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Airspeed Transport Projects from 1942

Schneiderman

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In 1942 Airspeed commenced work on designs for a twin-engine freight transport aircraft as AS55. Here are two of the preliminary concepts from June 1942 that do not bear the number AS55 but are clearly part of the early work on that project.
 

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lark

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Could it be that the drawings are made by a Mr. Pegram in preparation
for something more extensive.. :)
 

Schneiderman

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lark said:
Could it be that the drawings are made by a Mr. Pegram in preparation
for something more extensive.. :)
No, the drawings I post on here are concepts and projects for which I have little information. These two I retraced as the originals are in very poor condition
 

robunos

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Interesting drawings...
The first one is clearly descended from the Horsa, and the second, despite being twin-boomed, shows definite hints of the Ambassador...

cheers,
Robin.
 

riggerrob

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robunos said:
Interesting drawings...
The first one is clearly descended from the Horsa, and the second, despite being twin-boomed, shows definite hints of the Ambassador...

cheers,
Robin.

.............................................:............

That first profile looks like a combination of Horsa and Hamilcar X assault gliders. The nose cargo hatch is definitely based on lessons-learned with Hamilcar, while the wings and aft fuselage show Horsa influence.
I hope it weighed more like a Horsa because the Hamilcar X was severely underpowered with a pair of Bristol Mercury 965 horsepower radial engines. Hamilcar X could not take off on its own power and could barely maintain cruise altitude on hot days. The only advantage Hamilcar X enjoyed was self-recovery (empty) after delivering supplies to the battlefield.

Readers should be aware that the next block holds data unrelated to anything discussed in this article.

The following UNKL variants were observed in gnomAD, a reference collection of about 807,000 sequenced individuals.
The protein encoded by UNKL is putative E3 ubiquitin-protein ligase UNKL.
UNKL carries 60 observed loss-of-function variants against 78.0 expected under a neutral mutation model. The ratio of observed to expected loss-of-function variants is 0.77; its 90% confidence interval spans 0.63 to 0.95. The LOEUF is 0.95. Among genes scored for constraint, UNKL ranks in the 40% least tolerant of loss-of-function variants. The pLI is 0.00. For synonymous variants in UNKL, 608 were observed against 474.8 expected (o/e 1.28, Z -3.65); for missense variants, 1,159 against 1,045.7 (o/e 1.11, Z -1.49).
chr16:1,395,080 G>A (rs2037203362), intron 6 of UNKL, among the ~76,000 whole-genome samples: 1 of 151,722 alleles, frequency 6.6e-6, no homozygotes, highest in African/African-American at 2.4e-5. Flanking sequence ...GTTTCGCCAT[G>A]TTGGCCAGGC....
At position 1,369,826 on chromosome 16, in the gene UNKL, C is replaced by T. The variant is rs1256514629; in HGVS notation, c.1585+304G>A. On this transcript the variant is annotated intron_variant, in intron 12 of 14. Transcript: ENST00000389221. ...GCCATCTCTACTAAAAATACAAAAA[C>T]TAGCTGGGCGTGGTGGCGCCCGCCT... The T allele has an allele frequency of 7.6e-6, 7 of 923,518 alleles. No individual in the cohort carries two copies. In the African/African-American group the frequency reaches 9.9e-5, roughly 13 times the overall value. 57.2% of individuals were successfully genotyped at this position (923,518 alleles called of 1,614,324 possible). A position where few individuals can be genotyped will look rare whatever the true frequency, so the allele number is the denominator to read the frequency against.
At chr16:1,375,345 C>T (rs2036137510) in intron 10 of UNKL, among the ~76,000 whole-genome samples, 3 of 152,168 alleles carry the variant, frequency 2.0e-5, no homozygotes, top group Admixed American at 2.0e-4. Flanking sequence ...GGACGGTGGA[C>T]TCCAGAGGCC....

CJGibson

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"The only advantage Hamilcar X enjoyed was self-recovery (empty) after delivering supplies to the battlefield."

That was the intention all along.

Chris
 

Petrus

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Here you've got info on the AS.55 from 'Airspeed Aircraft Since 1931' by H.A. Taylor.

Piotr
 

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Schneiderman

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Schneiderman said:
In 1942 Airspeed commenced work on designs for a twin-engine freight transport aircraft as AS55. Here are two of the preliminary concepts from June 1942 that do not bear the number AS55 but are clearly part of the early work on that project.
And here is the alternative version of Scheme 1 with deeper and wider fuselage
 

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Schneiderman

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Airspeed AS58 project was the Horsa 2, a transport glider with a hinged nose and twin nose wheels. Associated with this was a proposal for a powered version fitted with two AS Cheetahs, the engines to enable the glider to return to base. This 1944 drawing appears to be the same project but powered by two P&W Wasps
 

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hesham

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Amazing drawing,thank you for sharing us Schneiderman.
 

avion ancien

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I wonder which came first, the concept of the AS.55-2 or the Fairchild Packet, and whether the Noratlas offers more than a nod in the direction of the former? The Packet, as ultimately it emerged, seems to date from about 1943, a year after the date attributed to the AS.55-2. Was there any interaction between their designers or was each the product of independent thinking? The Noratlas, obviously, followed much later in time.
 

CJGibson

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Welllll...I've spent the last two years pondering that very question. Budd Conestoga must be in with a shout, but to me it's the Ar 232. The requirement was issued in 1939, so probably wins by a nose.

Chris
 

avion ancien

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Whilst I acknowledge your point about the Conestoga - despite the fact that it isn't a 'twin boomer' - I sincerely hope that there was no interaction between the designer of the Ar 232 and the rest!
 

riggerrob

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The Gotha 242 assault glider first flew in 1941. It had twin booms and large cargo doors in the aft end of the Center pod.
Gotha also built 174 Gotha 244 transports with Gnome Rhone 700 horsepower radial engines. They could carry cargo or up to 23 soldiers. Range was short, barely more than 220 miles.
 

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